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Judge calls for care overhaul

The President of the Children's Court wants fundamental changes in the delivery of services to Aboriginal children in remote areas, highlighting problems in the care of an intellectually disabled teenager who has been in and out of court for four years.

In a decision published this week, Judge Denis Reynolds released the 17-year-old after finding him unfit for trial on charges of burglary, stealing and damage.

Judge Reynolds said it was "difficult to understand" a Department for Child Protection and Family Support assessment 18 months ago that found the boy's aunt and uncle suitable carers. The youth was found in Kalgoorlie sniffing paint with intoxicated adults, unkempt, hungry and unable to say when he last ate.

His uncle had been arrested the night before for firing a gun at his aunt in an incident the boy saw.

Judge Reynolds also criticised the department for suggesting the youth was responsible for his own predicament of his family's unwillingness to assume responsibility for his long-term care.

The youth came to the attention of authorities when he was two and his parents were deemed unfit to raise him because of alcohol abuse, domestic violence and frequent time in jail.

His mother is homeless, his father died four years ago and his grandmother cared for him until she became ill about 18 months ago. He has since lived with relatives in various communities.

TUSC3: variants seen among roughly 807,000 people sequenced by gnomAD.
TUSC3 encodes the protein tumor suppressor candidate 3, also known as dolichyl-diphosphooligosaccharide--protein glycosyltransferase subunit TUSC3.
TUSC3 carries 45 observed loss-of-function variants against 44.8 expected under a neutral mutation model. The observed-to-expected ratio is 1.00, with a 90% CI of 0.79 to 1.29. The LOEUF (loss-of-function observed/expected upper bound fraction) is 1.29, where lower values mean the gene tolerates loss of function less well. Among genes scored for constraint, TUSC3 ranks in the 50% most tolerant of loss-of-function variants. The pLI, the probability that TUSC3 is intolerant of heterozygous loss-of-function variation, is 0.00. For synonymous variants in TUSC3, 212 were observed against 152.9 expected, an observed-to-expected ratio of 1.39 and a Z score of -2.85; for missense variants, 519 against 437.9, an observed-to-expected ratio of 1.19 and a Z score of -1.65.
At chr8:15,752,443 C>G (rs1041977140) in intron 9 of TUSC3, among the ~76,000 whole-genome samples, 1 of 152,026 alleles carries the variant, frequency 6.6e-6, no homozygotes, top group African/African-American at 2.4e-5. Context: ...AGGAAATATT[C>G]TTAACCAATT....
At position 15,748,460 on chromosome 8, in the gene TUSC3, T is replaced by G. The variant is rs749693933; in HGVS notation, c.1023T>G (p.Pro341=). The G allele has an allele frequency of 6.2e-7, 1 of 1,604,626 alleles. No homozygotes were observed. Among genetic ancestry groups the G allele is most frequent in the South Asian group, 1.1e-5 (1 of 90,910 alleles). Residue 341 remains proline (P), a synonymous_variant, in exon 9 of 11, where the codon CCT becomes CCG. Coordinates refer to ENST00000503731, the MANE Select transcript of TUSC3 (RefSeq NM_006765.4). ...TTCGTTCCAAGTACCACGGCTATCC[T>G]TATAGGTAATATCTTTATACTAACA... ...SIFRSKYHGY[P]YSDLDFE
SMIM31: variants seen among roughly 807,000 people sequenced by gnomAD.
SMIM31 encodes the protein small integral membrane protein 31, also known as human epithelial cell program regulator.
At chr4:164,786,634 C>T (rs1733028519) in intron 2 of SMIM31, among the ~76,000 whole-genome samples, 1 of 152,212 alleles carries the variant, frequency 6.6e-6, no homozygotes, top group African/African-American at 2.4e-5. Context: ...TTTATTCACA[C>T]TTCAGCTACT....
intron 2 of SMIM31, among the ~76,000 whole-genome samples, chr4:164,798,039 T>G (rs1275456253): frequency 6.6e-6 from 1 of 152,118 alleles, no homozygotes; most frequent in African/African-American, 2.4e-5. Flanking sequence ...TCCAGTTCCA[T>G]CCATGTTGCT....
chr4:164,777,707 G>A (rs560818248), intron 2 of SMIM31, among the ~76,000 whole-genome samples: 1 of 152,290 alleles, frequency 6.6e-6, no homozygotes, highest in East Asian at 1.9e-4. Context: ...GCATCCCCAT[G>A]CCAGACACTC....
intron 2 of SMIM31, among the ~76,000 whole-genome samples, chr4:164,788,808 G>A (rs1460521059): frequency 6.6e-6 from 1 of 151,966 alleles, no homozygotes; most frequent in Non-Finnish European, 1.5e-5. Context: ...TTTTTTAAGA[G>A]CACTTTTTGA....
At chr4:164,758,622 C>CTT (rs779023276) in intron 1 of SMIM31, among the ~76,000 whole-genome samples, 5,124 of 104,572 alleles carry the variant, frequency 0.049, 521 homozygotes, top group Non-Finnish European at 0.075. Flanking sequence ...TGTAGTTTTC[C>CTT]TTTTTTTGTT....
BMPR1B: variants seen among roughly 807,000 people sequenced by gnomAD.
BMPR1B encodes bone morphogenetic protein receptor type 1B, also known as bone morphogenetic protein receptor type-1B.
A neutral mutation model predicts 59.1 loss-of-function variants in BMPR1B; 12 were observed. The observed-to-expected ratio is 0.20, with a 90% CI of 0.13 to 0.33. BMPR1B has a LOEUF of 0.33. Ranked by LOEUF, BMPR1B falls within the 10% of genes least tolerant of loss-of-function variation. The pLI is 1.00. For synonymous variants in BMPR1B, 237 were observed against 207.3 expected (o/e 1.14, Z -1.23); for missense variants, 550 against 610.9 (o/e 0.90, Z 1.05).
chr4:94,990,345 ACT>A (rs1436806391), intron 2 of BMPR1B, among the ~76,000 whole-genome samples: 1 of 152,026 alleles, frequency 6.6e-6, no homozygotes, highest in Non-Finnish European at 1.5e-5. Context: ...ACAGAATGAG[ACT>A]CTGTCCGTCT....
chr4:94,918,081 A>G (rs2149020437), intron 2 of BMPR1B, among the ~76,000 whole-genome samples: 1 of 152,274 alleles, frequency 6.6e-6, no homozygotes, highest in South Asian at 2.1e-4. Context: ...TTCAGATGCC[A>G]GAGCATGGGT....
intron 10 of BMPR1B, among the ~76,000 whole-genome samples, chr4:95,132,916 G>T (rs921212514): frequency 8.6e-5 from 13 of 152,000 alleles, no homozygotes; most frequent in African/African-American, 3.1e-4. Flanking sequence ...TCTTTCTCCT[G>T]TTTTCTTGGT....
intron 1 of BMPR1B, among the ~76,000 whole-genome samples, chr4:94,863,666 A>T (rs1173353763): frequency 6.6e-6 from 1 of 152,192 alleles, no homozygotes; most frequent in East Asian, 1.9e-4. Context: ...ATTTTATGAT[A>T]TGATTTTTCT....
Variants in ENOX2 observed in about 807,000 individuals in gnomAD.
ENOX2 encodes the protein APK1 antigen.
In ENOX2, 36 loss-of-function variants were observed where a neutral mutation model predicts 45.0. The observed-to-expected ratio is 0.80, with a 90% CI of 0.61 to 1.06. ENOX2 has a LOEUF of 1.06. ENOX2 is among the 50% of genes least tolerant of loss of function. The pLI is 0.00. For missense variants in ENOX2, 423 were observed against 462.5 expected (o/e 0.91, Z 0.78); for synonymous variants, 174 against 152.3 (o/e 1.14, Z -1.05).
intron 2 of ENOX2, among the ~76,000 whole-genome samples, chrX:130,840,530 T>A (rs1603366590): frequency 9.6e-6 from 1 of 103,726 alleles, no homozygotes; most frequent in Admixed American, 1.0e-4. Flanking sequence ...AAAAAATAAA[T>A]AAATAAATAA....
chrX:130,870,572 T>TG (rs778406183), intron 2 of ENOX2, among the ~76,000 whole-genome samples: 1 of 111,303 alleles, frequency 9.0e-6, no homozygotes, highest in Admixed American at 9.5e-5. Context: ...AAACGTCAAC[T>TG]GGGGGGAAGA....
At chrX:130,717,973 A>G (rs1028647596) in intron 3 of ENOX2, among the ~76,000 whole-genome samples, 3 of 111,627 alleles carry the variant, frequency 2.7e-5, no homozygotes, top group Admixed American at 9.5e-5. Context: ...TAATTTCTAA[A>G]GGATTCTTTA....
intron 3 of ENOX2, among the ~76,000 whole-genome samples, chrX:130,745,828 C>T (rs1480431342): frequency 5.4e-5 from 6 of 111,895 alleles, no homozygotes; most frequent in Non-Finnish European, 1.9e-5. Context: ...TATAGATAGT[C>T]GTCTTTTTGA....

Many referrals to support agencies could not be met because of a lack of services in the remote community he lived in.

Judge Reynolds said given the youth's history - which included possible foetal alcohol syndrome, parental neglect, lack of accommodation, petrol sniffing, illiteracy, exposure to violence and intellectual and cognitive dysfunction - it was "difficult to understand" how the department did not know whether he had counselling or accessed support.

"It seems there is a need for systemic changes in the way public agencies approach and deliver services to Aboriginal children and young people in remote Aboriginal communities," he said.

Department director-general Emma White said Judge Reynolds' findings would be carefully considered.

Ms White said protecting young children in need and supporting people in crisis were among the most complex and chronic problems faced by the WA community. She said the department was engaged with all relevant agencies to strengthen collaboration between services for children and young people who engaged in anti-social and criminal behaviour.